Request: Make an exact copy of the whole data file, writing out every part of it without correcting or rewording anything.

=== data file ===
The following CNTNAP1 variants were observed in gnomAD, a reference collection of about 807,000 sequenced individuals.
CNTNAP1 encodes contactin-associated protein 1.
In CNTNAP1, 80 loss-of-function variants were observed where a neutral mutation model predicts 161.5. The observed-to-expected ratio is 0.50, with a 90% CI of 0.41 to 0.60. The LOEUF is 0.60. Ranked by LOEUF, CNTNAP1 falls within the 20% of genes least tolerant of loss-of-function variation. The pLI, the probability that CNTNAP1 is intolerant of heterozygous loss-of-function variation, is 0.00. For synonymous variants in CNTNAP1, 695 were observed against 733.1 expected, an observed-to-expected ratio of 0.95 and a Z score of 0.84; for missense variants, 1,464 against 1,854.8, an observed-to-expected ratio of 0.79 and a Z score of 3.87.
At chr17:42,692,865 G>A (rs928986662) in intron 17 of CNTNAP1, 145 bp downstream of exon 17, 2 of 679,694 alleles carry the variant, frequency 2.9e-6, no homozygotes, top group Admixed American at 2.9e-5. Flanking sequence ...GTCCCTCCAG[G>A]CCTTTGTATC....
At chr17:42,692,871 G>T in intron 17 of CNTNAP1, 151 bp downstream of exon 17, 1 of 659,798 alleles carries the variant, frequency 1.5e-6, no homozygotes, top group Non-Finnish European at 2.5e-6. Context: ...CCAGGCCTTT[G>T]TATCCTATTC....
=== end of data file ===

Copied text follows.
The following CNTNAP1 variants were observed in gnomAD, a reference collection of about 807,000 sequenced individuals.
CNTNAP1 encodes contactin-associated protein 1.
In CNTNAP1, 80 loss-of-function variants were observed where a neutral mutation model predicts 161.5. The observed-to-expected ratio is 0.50, with a 90% CI of 0.41 to 0.60. The LOEUF is 0.60. Ranked by LOEUF, CNTNAP1 falls within the 20% of genes least tolerant of loss-of-function variation. The pLI, the probability that CNTNAP1 is intolerant of heterozygous loss-of-function variation, is 0.00. For synonymous variants in CNTNAP1, 695 were observed against 733.1 expected, an observed-to-expected ratio of 0.95 and a Z score of 0.84; for missense variants, 1,464 against 1,854.8, an observed-to-expected ratio of 0.79 and a Z score of 3.87.
At chr17:42,692,865 G>A (rs928986662) in intron 17 of CNTNAP1, 145 bp downstream of exon 17, 2 of 679,694 alleles carry the variant, frequency 2.9e-6, no homozygotes, top group Admixed American at 2.9e-5. Flanking sequence ...GTCCCTCCAG[G>A]CCTTTGTATC....
At chr17:42,692,871 G>T in intron 17 of CNTNAP1, 151 bp downstream of exon 17, 1 of 659,798 alleles carries the variant, frequency 1.5e-6, no homozygotes, top group Non-Finnish European at 2.5e-6. Context: ...CCAGGCCTTT[G>T]TATCCTATTC....